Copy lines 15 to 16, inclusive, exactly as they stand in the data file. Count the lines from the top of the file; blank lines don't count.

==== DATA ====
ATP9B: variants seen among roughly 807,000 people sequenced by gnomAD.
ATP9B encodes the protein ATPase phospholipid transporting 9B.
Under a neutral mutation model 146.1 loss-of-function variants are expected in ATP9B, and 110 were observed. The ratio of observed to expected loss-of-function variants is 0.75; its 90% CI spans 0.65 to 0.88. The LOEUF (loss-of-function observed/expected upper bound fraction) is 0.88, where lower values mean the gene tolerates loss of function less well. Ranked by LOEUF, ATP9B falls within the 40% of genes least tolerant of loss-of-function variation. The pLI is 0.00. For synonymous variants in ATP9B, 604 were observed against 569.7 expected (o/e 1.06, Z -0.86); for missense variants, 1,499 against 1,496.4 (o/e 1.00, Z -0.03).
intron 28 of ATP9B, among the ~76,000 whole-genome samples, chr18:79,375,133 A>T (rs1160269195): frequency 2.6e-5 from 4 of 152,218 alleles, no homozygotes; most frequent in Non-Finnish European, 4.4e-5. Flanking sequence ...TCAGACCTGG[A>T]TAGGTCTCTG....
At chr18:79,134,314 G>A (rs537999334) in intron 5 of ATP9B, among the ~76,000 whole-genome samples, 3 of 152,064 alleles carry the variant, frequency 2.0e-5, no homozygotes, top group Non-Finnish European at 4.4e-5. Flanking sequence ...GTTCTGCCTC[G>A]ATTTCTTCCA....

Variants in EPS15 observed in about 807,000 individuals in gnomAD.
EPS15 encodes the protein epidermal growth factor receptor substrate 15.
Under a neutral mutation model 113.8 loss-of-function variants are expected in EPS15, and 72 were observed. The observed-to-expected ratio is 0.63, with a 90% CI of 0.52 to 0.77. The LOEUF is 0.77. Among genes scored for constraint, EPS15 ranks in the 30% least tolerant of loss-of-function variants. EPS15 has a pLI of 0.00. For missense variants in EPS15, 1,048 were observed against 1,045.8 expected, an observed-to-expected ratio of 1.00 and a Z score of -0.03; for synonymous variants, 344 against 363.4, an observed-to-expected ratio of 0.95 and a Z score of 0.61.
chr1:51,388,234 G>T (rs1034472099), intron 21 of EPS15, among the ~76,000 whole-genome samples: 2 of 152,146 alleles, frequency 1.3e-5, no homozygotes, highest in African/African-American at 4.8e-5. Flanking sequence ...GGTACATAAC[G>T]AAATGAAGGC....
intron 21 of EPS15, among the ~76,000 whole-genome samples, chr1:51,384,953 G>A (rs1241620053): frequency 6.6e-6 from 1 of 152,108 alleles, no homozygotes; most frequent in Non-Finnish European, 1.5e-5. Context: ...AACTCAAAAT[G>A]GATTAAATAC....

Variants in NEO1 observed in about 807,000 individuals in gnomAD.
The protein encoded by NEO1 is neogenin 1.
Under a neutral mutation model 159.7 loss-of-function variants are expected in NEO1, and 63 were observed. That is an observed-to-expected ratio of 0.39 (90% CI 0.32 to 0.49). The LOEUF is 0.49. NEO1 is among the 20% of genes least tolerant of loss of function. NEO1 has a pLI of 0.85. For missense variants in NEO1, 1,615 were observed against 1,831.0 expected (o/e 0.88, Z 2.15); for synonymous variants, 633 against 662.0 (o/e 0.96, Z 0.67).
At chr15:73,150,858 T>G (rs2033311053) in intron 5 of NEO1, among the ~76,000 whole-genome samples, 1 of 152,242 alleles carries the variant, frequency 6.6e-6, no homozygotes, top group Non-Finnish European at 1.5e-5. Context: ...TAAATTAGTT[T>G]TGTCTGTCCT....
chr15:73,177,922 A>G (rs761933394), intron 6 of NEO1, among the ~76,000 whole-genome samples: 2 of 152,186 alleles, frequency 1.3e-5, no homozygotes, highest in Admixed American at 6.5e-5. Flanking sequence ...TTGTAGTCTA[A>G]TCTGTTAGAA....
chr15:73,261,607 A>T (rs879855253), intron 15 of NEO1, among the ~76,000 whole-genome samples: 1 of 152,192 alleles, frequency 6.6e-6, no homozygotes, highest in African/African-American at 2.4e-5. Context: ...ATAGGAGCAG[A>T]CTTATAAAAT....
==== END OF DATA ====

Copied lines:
chr15:73,177,922 A>G (rs761933394), intron 6 of NEO1, among the ~76,000 whole-genome samples: 2 of 152,186 alleles, frequency 1.3e-5, no homozygotes, highest in Admixed American at 6.5e-5. Flanking sequence ...TTGTAGTCTA[A>G]TCTGTTAGAA....
chr15:73,261,607 A>T (rs879855253), intron 15 of NEO1, among the ~76,000 whole-genome samples: 1 of 152,192 alleles, frequency 6.6e-6, no homozygotes, highest in African/African-American at 2.4e-5. Context: ...ATAGGAGCAG[A>T]CTTATAAAAT....